"I understand that imaginative play is important for children. My son has tons costumes and toys for pretend play, but why should I get involved?” Lisa, mom to Max, 3 years old
"To be honest, I don’t have the energy to put so much effort into playing actively with my 4-year-old. He could happily play firefighter for 8 hours straight, but I’m bored after 30 seconds! The scenario is always the same and I don’t think I can handle the repetition." Joe, dad to Alex, 4 years old
If you feel like there is nothing more exhausting than pretend play, you’re not alone! Most of us have long since lost the desire and energy to create an imaginary world within our daily lives. We have too much on our minds and too much to accomplish in a day to spend hours recreating the story of Cinderella or fighting imaginary fires.
But should we be doing it? Sorry, but yes! Why? Because engaging in pretend play at home with our kids is powerful stuff! Pretend play naturally develops empathy, language and communication, self-control, and initiative in learning. It builds a strong and trusting bond with our child. Besides that, it’s free, always available at our fingertips, and even more enjoyable to children than time in front of a screen.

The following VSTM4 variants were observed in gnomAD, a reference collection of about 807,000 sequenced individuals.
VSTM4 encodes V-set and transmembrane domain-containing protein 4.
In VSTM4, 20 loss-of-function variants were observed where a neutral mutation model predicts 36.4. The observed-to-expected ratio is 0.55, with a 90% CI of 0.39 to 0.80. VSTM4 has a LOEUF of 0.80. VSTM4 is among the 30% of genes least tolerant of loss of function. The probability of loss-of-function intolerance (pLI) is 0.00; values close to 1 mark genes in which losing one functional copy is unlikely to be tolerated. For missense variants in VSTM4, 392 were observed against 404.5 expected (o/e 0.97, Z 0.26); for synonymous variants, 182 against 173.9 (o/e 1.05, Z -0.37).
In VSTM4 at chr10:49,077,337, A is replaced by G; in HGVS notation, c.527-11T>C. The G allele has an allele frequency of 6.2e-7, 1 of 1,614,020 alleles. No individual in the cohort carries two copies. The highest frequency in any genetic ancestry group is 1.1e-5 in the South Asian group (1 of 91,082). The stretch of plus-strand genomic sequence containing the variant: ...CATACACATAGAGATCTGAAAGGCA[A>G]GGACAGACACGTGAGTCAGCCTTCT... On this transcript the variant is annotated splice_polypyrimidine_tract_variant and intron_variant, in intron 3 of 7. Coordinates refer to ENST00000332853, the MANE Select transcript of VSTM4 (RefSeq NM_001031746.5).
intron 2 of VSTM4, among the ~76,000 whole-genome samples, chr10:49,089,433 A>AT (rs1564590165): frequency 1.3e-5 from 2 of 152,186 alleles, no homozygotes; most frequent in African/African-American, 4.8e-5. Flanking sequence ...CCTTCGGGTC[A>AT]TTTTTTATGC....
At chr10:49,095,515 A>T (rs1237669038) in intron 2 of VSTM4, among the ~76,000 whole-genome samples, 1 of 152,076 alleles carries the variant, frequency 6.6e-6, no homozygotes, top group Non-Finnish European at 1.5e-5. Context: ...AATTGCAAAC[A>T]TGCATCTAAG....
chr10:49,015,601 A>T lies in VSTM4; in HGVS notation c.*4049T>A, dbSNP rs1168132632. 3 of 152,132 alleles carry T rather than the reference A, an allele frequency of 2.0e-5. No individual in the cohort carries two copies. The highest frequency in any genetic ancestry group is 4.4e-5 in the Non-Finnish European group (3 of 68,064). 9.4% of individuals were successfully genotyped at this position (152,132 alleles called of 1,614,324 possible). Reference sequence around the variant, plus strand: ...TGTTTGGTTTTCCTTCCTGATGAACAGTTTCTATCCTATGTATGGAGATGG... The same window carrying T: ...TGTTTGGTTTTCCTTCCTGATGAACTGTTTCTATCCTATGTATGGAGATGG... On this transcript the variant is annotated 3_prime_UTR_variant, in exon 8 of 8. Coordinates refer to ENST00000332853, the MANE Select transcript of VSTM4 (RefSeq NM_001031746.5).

And the truth is that encouraging imaginative play doesn't need to take hours of time or a ton of energy. Imaginative parenting can literally be done in 5 seconds per day. A single 5 second response to your child can spark an avalanche of creative thinking. And those 5 seconds can give you both an energy boost that only comes from a fun interaction between parent and child!
We call it Emotion Matters and you’ll be surprised by how stimulating to the imagination this tiny change can be. In over 15 years of delivering Pyjama Drama classes, Pyjama Drama Learning’s cofounders have found the secret to easily creating powerful pretend play scenarios with children. It’s that single ingredient that will pique any child’s attention and spark creative problem solving - emotion, so the next time your child approaches you with a pretend play offer, try to return it with a change in your emotion.
- “Mom, I made you a playdoh pizza!”
- “Mmm… thank you! Wait – is there pepper in this pizza? Oh no! It’s really spicy! Ouch!”
- “Look, mom! I found a worm!”
- “Oh, poor worm… He looks so cold and wet and sad. And I think he’s about to cry. Yes, he’s crying! I wonder what’s the matter with the poor dear.”
- “Mama, let’s go fight the fire”
- “Oh no! I can’t find my boots! I had them right here a minute ago. I’m so FRUSTRATED! I hate it when I lose things!”
Can you imagine how the scenarios above might lead to more advanced pretend play, not to mention conversations, creative problem solving, and empathy? Your single, 5 second, emotion-charged response might be enough to give your child a new direction in their pretend play, leaving you to unload the dishwasher knowing they are busy building their brains. Or, if you’re like me, it might be enough to make you chuckle, to shake up the scenario, and actually make you want to play along a little longer. Try out a change of emotion with your little ones today. Let me know how it goes!
Looking for more imaginative play tips and resources? Want to see Emotion Matters in action? Try out our free course, 5 easy ways to use drama in your preschool classroom!